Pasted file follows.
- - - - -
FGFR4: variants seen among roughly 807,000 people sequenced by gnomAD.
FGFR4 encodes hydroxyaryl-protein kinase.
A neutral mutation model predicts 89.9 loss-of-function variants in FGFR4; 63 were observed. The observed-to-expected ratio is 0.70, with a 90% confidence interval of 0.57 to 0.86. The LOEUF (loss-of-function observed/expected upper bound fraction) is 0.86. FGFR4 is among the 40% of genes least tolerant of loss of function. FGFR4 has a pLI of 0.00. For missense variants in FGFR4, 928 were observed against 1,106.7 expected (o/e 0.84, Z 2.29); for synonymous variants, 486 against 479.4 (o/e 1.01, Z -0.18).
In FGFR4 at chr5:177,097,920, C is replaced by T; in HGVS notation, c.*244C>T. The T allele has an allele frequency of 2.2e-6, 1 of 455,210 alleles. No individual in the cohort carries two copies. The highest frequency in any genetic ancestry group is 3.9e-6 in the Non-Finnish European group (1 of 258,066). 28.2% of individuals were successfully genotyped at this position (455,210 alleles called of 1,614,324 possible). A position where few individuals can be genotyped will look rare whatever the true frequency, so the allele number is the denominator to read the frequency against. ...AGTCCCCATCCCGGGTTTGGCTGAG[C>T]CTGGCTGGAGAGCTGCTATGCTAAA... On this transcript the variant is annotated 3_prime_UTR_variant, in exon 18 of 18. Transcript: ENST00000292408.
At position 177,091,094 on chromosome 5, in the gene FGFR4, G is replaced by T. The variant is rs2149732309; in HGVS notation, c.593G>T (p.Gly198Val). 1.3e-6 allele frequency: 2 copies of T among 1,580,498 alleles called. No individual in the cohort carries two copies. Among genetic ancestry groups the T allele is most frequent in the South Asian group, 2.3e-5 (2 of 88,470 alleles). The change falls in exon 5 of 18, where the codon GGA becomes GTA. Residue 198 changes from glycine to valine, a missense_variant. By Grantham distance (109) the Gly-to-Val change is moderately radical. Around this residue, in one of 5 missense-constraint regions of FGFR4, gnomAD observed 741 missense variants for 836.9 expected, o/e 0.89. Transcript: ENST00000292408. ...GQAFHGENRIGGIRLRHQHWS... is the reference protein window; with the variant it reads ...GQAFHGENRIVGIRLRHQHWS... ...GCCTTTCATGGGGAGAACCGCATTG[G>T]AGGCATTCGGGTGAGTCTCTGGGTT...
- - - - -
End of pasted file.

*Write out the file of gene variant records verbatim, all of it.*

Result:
FGFR4: variants seen among roughly 807,000 people sequenced by gnomAD.
FGFR4 encodes hydroxyaryl-protein kinase.
A neutral mutation model predicts 89.9 loss-of-function variants in FGFR4; 63 were observed. The observed-to-expected ratio is 0.70, with a 90% confidence interval of 0.57 to 0.86. The LOEUF (loss-of-function observed/expected upper bound fraction) is 0.86. FGFR4 is among the 40% of genes least tolerant of loss of function. FGFR4 has a pLI of 0.00. For missense variants in FGFR4, 928 were observed against 1,106.7 expected (o/e 0.84, Z 2.29); for synonymous variants, 486 against 479.4 (o/e 1.01, Z -0.18).
In FGFR4 at chr5:177,097,920, C is replaced by T; in HGVS notation, c.*244C>T. The T allele has an allele frequency of 2.2e-6, 1 of 455,210 alleles. No individual in the cohort carries two copies. The highest frequency in any genetic ancestry group is 3.9e-6 in the Non-Finnish European group (1 of 258,066). 28.2% of individuals were successfully genotyped at this position (455,210 alleles called of 1,614,324 possible). A position where few individuals can be genotyped will look rare whatever the true frequency, so the allele number is the denominator to read the frequency against. ...AGTCCCCATCCCGGGTTTGGCTGAG[C>T]CTGGCTGGAGAGCTGCTATGCTAAA... On this transcript the variant is annotated 3_prime_UTR_variant, in exon 18 of 18. Transcript: ENST00000292408.
At position 177,091,094 on chromosome 5, in the gene FGFR4, G is replaced by T. The variant is rs2149732309; in HGVS notation, c.593G>T (p.Gly198Val). 1.3e-6 allele frequency: 2 copies of T among 1,580,498 alleles called. No individual in the cohort carries two copies. Among genetic ancestry groups the T allele is most frequent in the South Asian group, 2.3e-5 (2 of 88,470 alleles). The change falls in exon 5 of 18, where the codon GGA becomes GTA. Residue 198 changes from glycine to valine, a missense_variant. By Grantham distance (109) the Gly-to-Val change is moderately radical. Around this residue, in one of 5 missense-constraint regions of FGFR4, gnomAD observed 741 missense variants for 836.9 expected, o/e 0.89. Transcript: ENST00000292408. ...GQAFHGENRIGGIRLRHQHWS... is the reference protein window; with the variant it reads ...GQAFHGENRIVGIRLRHQHWS... ...GCCTTTCATGGGGAGAACCGCATTG[G>T]AGGCATTCGGGTGAGTCTCTGGGTT...